For entrepreneurs, now is a time of “enormous potential, but also significant challenges,” Wendy Guillies said. Guillies, the president and CEO of the Kansas City-based Ewing Marion Kauffman Foundation, delivered the foundation’s annual State of Entrepreneurship address Wednesday in Washington, discussing the current climate for entrepreneurship and the foundation’s plans to help eliminate barriers for new businesses.
Early in her address, Guillies discussed some concerning data on American startups: Entrepreneurship rates are half of what they were a generation ago, despite new businesses accounting for nearly all net job creation in the country.
Also troubling, Guillies said, is that the demographics of American entrepreneurs don’t reflect the diversity of the country as a whole.
“The U.S. population is increasingly diverse, educated and older,” she said. “Yet our entrepreneurial population is not changing as fast.”
That, Guillies said, gets to the heart of the Kauffman Foundation’s current efforts: “How do we take our advantage of our longstanding heritage of entrepreneurship and extend it … to every interested American?”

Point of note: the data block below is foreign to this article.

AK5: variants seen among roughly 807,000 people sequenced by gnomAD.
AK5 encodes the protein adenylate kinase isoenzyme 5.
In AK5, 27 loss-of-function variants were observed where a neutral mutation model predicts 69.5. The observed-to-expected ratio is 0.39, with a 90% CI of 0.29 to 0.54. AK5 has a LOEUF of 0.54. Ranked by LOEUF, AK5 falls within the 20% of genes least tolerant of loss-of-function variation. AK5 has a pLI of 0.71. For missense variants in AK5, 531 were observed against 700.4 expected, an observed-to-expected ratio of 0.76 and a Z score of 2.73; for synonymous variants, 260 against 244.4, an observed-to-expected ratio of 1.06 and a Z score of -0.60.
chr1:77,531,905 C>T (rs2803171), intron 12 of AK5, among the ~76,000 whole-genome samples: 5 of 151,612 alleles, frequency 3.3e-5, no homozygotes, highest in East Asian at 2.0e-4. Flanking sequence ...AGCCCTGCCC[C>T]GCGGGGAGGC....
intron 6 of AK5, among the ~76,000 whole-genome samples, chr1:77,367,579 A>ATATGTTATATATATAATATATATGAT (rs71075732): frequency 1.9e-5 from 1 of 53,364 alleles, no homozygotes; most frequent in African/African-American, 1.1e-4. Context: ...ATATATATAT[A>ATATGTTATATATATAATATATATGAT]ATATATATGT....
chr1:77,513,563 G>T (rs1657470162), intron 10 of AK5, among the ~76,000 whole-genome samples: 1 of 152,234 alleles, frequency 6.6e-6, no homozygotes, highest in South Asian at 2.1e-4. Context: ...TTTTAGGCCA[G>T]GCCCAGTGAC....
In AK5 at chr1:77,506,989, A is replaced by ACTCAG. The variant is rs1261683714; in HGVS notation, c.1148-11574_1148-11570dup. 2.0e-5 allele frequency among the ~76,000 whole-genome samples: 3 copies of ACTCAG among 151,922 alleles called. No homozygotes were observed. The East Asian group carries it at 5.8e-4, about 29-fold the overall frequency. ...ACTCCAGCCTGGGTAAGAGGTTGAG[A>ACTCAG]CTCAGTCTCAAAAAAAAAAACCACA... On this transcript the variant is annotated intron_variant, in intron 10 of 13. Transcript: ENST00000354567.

The foundation is attempting to do that, she said, through its Zero Barriers effort. Launched in February 2017, Zero Barriers aims to engage entrepreneurs, support organizations, researchers and policymakers in identifying and eliminating barriers to starting businesses.
Guillies cited some specific efforts to that end, including a summit of entrepreneurial ecosystem builders from across the U.S., the launch of a suite of free online entrepreneurship resources and the release this week of a national survey of entrepreneurs.
The survey revealed overwhelming optimism among American entrepreneurs: 61 percent of respondents rated their firm’s performance last year positively, and 88 percent said 2018 would be even better, Guillies said.
However, those entrepreneurs also acknowledged the importance of startup-friendly government policy and of supportive networks to help grow their businesses.
“We’re focused on increasing inclusion,” Guillies said. “But Kauffman’s efforts alone will not be enough.”